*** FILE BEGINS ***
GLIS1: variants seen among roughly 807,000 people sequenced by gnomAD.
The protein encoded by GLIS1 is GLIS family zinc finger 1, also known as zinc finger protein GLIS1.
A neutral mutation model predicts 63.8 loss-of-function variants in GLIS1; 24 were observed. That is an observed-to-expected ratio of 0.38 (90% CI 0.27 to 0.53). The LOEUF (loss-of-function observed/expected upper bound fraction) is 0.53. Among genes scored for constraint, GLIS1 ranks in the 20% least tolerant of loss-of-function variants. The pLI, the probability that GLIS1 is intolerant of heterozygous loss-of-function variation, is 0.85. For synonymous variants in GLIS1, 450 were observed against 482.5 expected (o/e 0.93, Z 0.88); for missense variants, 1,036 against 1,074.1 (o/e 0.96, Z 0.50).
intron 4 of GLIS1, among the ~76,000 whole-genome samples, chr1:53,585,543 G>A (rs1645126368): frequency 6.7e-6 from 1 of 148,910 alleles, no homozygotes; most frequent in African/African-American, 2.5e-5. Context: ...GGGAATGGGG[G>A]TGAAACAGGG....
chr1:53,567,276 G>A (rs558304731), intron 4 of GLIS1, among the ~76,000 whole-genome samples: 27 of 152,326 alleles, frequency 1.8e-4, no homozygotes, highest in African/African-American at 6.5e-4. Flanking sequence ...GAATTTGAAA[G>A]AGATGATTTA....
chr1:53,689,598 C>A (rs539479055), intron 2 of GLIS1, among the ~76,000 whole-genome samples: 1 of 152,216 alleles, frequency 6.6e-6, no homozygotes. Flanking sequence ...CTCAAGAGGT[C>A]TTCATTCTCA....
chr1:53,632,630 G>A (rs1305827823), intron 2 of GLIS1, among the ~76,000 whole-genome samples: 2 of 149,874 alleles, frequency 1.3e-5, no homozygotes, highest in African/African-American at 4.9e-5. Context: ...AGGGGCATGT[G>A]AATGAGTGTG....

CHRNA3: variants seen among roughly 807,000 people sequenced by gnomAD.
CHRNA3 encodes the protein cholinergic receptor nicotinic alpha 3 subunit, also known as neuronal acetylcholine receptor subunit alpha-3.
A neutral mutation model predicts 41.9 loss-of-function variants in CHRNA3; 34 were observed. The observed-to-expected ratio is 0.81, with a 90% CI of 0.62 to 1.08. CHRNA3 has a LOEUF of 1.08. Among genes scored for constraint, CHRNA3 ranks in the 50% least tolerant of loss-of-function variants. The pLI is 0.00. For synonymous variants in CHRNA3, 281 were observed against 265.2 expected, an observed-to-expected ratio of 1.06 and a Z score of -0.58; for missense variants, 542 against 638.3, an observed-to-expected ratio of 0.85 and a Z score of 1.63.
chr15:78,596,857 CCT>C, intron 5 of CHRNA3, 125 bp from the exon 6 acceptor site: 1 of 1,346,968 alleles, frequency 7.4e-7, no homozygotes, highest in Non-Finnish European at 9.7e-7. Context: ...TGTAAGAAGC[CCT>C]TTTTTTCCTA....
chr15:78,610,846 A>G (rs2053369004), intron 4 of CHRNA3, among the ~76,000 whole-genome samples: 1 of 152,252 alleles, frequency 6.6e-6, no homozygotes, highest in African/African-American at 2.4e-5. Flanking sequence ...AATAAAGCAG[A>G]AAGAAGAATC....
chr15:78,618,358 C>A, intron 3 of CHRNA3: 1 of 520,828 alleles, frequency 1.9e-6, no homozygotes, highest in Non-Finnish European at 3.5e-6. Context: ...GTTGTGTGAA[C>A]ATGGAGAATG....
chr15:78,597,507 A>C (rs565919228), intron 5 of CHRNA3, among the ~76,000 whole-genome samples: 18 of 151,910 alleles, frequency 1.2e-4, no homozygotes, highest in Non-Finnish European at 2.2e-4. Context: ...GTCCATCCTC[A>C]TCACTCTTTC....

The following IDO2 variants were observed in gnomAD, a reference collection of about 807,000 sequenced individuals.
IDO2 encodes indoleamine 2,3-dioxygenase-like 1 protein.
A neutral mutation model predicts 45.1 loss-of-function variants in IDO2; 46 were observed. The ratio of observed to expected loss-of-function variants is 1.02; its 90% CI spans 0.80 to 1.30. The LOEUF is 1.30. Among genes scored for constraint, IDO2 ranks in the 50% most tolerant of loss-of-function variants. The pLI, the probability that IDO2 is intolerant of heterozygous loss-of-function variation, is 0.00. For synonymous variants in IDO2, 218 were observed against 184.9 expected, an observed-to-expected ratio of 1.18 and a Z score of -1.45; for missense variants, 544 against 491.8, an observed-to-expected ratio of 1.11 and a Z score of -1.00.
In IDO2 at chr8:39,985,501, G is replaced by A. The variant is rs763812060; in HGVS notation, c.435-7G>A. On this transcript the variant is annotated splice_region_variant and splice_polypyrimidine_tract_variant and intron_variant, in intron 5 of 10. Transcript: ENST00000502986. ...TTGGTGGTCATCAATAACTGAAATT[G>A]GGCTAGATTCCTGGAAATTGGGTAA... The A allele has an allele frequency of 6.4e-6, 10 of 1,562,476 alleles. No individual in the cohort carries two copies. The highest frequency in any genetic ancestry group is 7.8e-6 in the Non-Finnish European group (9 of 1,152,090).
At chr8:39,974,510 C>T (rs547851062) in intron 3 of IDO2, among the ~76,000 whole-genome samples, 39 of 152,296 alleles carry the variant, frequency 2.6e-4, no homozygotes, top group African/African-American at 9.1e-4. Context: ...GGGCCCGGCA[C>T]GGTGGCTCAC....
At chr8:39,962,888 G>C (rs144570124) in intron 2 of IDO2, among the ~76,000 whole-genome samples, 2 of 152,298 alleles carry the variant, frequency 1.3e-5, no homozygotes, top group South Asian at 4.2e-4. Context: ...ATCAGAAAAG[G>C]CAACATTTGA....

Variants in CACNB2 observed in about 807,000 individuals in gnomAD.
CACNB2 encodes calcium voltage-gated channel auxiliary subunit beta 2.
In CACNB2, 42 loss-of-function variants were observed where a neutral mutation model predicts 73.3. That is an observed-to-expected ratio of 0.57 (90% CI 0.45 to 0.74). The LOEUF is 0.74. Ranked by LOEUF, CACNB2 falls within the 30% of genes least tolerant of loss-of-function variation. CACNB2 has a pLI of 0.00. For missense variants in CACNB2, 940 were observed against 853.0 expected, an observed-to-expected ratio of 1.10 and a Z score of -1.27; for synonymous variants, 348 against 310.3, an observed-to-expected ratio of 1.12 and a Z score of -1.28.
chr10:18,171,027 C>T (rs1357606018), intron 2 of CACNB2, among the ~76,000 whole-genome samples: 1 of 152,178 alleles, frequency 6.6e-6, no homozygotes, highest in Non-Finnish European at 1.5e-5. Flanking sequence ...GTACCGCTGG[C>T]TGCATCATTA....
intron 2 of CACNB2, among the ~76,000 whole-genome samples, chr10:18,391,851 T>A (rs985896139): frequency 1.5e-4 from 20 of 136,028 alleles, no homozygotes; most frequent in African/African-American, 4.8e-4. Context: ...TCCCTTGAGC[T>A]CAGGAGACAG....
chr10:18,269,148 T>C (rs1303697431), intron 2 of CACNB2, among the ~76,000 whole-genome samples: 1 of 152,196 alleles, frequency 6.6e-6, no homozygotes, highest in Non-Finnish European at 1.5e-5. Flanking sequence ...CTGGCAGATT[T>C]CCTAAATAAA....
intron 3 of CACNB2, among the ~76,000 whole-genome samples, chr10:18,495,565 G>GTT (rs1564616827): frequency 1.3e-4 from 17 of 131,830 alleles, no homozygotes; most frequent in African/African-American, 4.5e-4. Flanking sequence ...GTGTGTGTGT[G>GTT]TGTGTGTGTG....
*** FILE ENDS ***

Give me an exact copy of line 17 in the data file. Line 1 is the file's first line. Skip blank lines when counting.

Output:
A neutral mutation model predicts 45.1 loss-of-function variants in IDO2; 46 were observed. The ratio of observed to expected loss-of-function variants is 1.02; its 90% CI spans 0.80 to 1.30. The LOEUF is 1.30. Among genes scored for constraint, IDO2 ranks in the 50% most tolerant of loss-of-function variants. The pLI, the probability that IDO2 is intolerant of heterozygous loss-of-function variation, is 0.00. For synonymous variants in IDO2, 218 were observed against 184.9 expected, an observed-to-expected ratio of 1.18 and a Z score of -1.45; for missense variants, 544 against 491.8, an observed-to-expected ratio of 1.11 and a Z score of -1.00.